Even less convincing than vague size reports are mentions of very large sucker scars on sperm whales. Heuvelmans cited a Mr. L. Harrison Matthews who wrote that sucker scars commonly reach 10 cm (4 inches), which Heuvelmans thought would imply squids with a head and body of more than 30 feet (9 m). Ivan T. Sanderson, another "founder" of Cryptozoology, wrote in his book Follow the Whale that sucker marks have been known to reach 18 inches (0.45 m) in diameter. And Heuvelmans then goes on to mention that Willy Ley, a proto-Cryptozoologist of sorts, talked about sucker marks 2 feet (0.6 m) in diameter! Heuvelmans fortunately thought this to be a typo of sorts, and I'll agree. So assuming that there were suckers marks that big in the first place, the normal explanation is that they're the result of scars on a young individual growing as they do. Of course, these sucker marks may not be from Architeuthis, but perhaps from a species with proportionally larger suckers. Perhaps they came from another source, such as lamprey bites. Heuvelmans appears to find these explanations less likely than absolutely gargantuan squids hundreds of feet long, demonstrating a skewed idea of probability that Cryptozoologists often have.

To try and make the gigantic sucker sizes seem more rational, Heuvelmans mentions a handful of tales of squid arms measuring up to 45 feet long and 2'6" thick. He reasons that instead of being tentacles (which could theoretically stretch that long), they were in fact the shorter arms. Since the arms are often shorter than the mantle length, he estimates squid with lengths excluding the long tentacles up 54 to 90 feet long (16.5 to 27.5 m) long. He then proposed that with the long tentacles they could reach 100 to 240 feet (30 to 73 m) if male, and up to 300 feet if they were female (91.5 m). Holy crap! He seems to be using a rather outdated size model, and using O'Shea's drawing of a giant squid (he of course actually studies them), I'd still figure that it would have to be 130 feet (39.5 m) long with 45 foot arms tops. Of course, in all likelihood these probably were just tentacles, and exaggerated ones at that. Heuvelmans rationalized that since so many of the Newfoundland squids were described on anecdotal evidence, that these reports should be just as good. Of course, he overlooked the obvious explanation.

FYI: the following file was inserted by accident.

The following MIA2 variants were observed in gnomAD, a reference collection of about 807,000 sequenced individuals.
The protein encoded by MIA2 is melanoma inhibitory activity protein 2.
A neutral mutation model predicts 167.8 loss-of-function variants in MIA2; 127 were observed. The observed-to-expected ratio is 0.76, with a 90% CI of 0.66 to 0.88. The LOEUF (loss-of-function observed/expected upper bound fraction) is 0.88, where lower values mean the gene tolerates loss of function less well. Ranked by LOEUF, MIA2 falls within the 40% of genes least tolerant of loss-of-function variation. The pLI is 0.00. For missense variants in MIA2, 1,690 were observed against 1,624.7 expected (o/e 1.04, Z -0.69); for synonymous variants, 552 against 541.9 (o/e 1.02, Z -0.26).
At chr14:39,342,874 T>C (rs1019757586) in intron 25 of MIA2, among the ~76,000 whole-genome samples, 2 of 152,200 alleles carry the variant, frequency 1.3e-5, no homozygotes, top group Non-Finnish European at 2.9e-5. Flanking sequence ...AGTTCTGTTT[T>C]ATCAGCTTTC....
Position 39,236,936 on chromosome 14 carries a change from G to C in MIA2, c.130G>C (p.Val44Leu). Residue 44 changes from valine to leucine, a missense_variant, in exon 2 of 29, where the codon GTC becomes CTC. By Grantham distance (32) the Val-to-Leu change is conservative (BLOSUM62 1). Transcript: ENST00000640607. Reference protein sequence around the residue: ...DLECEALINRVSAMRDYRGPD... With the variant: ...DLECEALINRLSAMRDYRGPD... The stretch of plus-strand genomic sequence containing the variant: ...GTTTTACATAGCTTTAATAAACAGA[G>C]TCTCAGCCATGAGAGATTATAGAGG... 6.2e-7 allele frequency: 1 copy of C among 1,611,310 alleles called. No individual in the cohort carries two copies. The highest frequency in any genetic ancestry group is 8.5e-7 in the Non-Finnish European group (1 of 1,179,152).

So despite looking like he was overlooking historical evidence, Dr. O'Shea was in fact just ignoring bad evidence. Sure there were probably a few Architeuthis specimens in the past that exceeded his limit, but they're simply not the super-gigantic monsters that is so commonly imagined. Even with the larger Colossal Squid, I still don't think Architeuthis is an unimpressive animal at all...even if it isn't 300 feet long.



Please note that Heuvelmans actually proposed giant squids over 100 feet as a cryptid (i.e. unknown) species on his checklist from 1986. Apparently somewhere along the line he realized that the claims of ridiculously large size clearly don't reconcile well with Architeuthis. There is a sighting of a very large squid reported at night during WWII by one A. G. Starkey off the Maldives. He was of course alone on deck and saw a squid laying alongside the 175 foot (53 m) boat, taking up most of the length. He said the arms were 2 feet wide (0.6 m) and that the beak was visible. That last detail is rather odd, and I'm inclined to think that the whole story is either an extreme exaggeration or an outright fabrication.